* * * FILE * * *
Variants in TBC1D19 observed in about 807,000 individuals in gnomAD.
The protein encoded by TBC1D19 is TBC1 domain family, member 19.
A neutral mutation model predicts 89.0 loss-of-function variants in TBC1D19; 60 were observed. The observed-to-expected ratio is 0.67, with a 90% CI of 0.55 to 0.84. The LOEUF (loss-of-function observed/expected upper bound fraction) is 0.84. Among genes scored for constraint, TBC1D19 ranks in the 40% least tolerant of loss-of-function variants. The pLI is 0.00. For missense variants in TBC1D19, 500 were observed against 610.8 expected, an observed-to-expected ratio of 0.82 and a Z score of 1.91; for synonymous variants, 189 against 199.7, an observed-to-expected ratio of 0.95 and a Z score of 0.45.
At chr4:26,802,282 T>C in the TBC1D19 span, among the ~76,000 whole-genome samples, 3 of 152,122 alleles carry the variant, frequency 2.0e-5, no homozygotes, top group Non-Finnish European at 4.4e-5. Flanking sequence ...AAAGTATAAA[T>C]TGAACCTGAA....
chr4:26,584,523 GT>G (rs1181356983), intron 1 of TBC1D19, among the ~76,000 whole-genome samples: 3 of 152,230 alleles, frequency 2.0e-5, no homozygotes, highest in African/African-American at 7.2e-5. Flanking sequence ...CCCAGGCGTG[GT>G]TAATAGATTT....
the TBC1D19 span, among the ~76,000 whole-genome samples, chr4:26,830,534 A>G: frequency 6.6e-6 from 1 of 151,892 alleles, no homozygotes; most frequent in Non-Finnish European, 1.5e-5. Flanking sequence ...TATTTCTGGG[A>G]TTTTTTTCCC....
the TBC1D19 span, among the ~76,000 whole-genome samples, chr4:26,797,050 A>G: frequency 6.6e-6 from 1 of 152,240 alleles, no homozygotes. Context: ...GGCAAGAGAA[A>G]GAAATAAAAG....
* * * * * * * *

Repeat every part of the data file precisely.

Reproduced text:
Variants in TBC1D19 observed in about 807,000 individuals in gnomAD.
The protein encoded by TBC1D19 is TBC1 domain family, member 19.
A neutral mutation model predicts 89.0 loss-of-function variants in TBC1D19; 60 were observed. The observed-to-expected ratio is 0.67, with a 90% CI of 0.55 to 0.84. The LOEUF (loss-of-function observed/expected upper bound fraction) is 0.84. Among genes scored for constraint, TBC1D19 ranks in the 40% least tolerant of loss-of-function variants. The pLI is 0.00. For missense variants in TBC1D19, 500 were observed against 610.8 expected, an observed-to-expected ratio of 0.82 and a Z score of 1.91; for synonymous variants, 189 against 199.7, an observed-to-expected ratio of 0.95 and a Z score of 0.45.
At chr4:26,802,282 T>C in the TBC1D19 span, among the ~76,000 whole-genome samples, 3 of 152,122 alleles carry the variant, frequency 2.0e-5, no homozygotes, top group Non-Finnish European at 4.4e-5. Flanking sequence ...AAAGTATAAA[T>C]TGAACCTGAA....
chr4:26,584,523 GT>G (rs1181356983), intron 1 of TBC1D19, among the ~76,000 whole-genome samples: 3 of 152,230 alleles, frequency 2.0e-5, no homozygotes, highest in African/African-American at 7.2e-5. Flanking sequence ...CCCAGGCGTG[GT>G]TAATAGATTT....
the TBC1D19 span, among the ~76,000 whole-genome samples, chr4:26,830,534 A>G: frequency 6.6e-6 from 1 of 151,892 alleles, no homozygotes; most frequent in Non-Finnish European, 1.5e-5. Flanking sequence ...TATTTCTGGG[A>G]TTTTTTTCCC....
the TBC1D19 span, among the ~76,000 whole-genome samples, chr4:26,797,050 A>G: frequency 6.6e-6 from 1 of 152,240 alleles, no homozygotes. Context: ...GGCAAGAGAA[A>G]GAAATAAAAG....